Many research efforts have attempted to build Cdot-based FRET systems as nanoprobes. Fig. 1 shows a timeline highlighting recent research efforts on Cdot-based FRET systems.8–16 Many fluorescent molecules can be employed to construct FRET systems with CDots. Generally, a FRET system contains two kinds of fluorescent molecules with different emission wavelengths. When CDots act as donors, they transfer energy to another molecule to construct the FRET system. Conversely, when the CDots act as receptors, they accept energy from other molecules, achieving ratiometric luminescence via FRET. Previous reports demonstrate that paired CDot-based FRET systems exhibit high sensitivity and have been widely utilized in all fluorescence-based applications, including medical diagnosis, biological analysis, and optical imaging. As CDots and FRET have been detailed in many excellent reviews, this review focuses on Cdot-based FRET systems with respect to their construction strategies, beneficial properties, and potential in a variety of applications.


image file: c9qm00538b-f1.tif
Fig. 1 Timeline showing recent studies on CDot-based FRET systems.8–16 Reprinted with permission ref. 9–17. Copyright 2012 Wiley, Copyright 2013 Wiley, Copyright 2014 Wiley, Copyright 2015 The Royal Society of Chemistry, Copyright 2016 John Wiley and Sons Ltd, Copyright 2016 American Chemical Society, Copyright 2017 American Chemical Society, Copyright 2018 Elsevier, Copyright 2019 Elsevier.

In this review, we present details on several Cdot-based FRET systems co-assembled from different classes of fluorescent materials, including organic fluorescent molecules, drug molecules, metal complexes, and nanomaterials. Based on the different fluorescent molecules, different combinations can be used to construct hetero-interfaces with CDots. These hetero-interfaces are mainly based on covalent binding and surface functionalization/coupling, thus resulting in different FRET effects. We also review the synthetic strategies for Cdot-based FRET systems and the applications of these systems in nanoprobes, bioimaging, and biomedicine.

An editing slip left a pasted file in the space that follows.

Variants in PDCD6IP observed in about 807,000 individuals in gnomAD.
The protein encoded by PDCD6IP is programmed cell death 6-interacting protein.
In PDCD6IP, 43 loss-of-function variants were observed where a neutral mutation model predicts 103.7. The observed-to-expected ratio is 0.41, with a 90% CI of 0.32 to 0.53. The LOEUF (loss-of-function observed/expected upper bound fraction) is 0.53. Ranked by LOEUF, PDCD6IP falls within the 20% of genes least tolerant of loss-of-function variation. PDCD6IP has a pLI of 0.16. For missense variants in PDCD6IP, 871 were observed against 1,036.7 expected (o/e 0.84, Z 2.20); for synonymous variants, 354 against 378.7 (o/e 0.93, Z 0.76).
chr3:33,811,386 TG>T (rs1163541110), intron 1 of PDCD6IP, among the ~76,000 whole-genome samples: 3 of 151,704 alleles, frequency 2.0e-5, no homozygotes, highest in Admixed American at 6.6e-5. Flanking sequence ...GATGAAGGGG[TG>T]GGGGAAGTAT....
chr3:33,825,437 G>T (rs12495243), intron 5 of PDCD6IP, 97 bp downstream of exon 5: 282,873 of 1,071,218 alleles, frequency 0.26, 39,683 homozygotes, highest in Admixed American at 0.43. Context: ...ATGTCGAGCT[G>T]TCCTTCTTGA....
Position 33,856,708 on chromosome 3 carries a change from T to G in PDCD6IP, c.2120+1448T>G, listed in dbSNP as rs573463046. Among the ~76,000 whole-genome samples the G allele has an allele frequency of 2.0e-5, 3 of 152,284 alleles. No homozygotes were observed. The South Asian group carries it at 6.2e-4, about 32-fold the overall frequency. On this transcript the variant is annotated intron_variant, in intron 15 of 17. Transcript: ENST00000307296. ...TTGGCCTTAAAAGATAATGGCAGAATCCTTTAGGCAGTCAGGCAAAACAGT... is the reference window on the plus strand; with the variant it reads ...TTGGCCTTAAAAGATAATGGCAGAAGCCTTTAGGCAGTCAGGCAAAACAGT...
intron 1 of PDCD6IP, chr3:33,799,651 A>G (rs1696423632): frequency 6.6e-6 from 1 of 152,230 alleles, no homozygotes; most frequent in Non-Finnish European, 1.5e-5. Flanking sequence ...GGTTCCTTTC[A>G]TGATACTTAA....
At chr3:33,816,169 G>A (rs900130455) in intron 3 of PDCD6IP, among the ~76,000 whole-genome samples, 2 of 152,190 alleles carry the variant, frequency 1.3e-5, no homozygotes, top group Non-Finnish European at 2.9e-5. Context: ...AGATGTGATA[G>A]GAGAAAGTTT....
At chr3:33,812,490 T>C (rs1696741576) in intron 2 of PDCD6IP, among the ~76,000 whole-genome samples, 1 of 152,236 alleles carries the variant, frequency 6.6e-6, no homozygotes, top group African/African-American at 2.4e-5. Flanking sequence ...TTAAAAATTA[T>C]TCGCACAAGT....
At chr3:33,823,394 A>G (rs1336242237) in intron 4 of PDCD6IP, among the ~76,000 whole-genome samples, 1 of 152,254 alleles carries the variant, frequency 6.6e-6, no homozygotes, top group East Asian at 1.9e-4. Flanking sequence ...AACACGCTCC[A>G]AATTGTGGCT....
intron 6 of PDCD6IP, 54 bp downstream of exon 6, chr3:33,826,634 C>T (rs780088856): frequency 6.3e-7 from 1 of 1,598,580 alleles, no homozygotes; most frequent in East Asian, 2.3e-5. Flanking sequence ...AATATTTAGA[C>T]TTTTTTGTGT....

2. Nanoprobes based on CDots and fluorescent molecules

2.1 CDots & fluorescent molecules

Fluorescent molecules exhibit characteristic fluorescence in the ultraviolet–visible–near-infrared region, and their fluorescence properties (excitation and emission wavelengths, intensity, lifetime, polarization, etc.) can be sensitively changed based on the properties of the environment (e.g., polarity, refractive index, and viscosity). Based on the excellent and diverse properties of fluorescent molecules, many promising applications have been demonstrated. Unsurprisingly, many studies have focused on FRET between CDots and fluorescent molecules. Table 1 presents a survey of recent works on FRET systems based on fluorescent molecules and CDots along with their applications.
Table 1 Representative examples of FRET systems based on fluorescent molecules and CDots along with their applications
Coupling molecule Application Ref. Coupling molecule Application Ref.
Chlorin e6 Bioimaging, biomedicine 8 Naphthalimide H2S nanoprobe 31
Naphthalimide NO nanoprobe 32 Isothiocyanate PH nanoprobe 33
NBD-PE; BODIPY-PH Bioimaging 34 Rhodamine B Fe3+ nanoprobe 35
Boronate protected fluorescein (PFl) H2O2 nanoprobe, bioimaging 10 Trinitrophenol Bioimaging 36
Nitroaromatics Nanosensor 13 NBD-PE Nanoprobe, bioimaging 37
Rhodamine B Up-conversion properties 29 Chlorin e6 Bioimaging 38
Rhodamine 6G Fe3+ nanoprobe 39 TNB DDVP nanoprobe 40
Naphthalimide Nanoprobe, bioimaging 41 Ethidium bromide DNA nanosensor 42
Glyphosate Gly nanoprobe 43 2,3-Diaminophenazine I nanoprobe 44